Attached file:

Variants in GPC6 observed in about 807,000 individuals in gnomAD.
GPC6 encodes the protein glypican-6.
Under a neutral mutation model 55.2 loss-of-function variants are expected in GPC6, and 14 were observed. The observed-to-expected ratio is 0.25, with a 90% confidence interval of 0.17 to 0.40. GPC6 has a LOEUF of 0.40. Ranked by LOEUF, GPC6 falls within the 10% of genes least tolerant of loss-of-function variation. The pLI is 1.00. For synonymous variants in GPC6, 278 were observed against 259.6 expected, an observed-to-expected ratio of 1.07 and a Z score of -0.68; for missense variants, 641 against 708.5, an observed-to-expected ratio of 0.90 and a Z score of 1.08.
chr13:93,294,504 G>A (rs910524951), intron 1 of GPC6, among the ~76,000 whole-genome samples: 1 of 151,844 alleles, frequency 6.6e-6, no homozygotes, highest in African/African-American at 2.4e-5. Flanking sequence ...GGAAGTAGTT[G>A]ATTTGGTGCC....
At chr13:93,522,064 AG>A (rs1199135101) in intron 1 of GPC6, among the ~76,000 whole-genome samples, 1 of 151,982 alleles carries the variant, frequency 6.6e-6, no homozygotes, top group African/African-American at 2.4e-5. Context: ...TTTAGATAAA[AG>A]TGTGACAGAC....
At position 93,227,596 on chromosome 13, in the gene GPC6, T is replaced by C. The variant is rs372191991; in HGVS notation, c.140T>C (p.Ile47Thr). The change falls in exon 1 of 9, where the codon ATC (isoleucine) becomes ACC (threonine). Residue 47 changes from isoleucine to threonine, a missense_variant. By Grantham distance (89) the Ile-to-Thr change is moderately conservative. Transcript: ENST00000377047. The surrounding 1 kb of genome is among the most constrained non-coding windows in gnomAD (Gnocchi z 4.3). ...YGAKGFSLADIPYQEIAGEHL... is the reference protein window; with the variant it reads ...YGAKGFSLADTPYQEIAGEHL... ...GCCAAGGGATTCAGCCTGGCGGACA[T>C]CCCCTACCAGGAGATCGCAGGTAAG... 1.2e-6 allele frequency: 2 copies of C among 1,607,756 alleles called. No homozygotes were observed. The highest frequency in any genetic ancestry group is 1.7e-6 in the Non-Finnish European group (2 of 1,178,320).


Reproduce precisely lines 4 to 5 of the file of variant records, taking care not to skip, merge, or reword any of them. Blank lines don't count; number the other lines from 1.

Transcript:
chr13:93,294,504 G>A (rs910524951), intron 1 of GPC6, among the ~76,000 whole-genome samples: 1 of 151,844 alleles, frequency 6.6e-6, no homozygotes, highest in African/African-American at 2.4e-5. Flanking sequence ...GGAAGTAGTT[G>A]ATTTGGTGCC....
At chr13:93,522,064 AG>A (rs1199135101) in intron 1 of GPC6, among the ~76,000 whole-genome samples, 1 of 151,982 alleles carries the variant, frequency 6.6e-6, no homozygotes, top group African/African-American at 2.4e-5. Context: ...TTTAGATAAA[AG>A]TGTGACAGAC....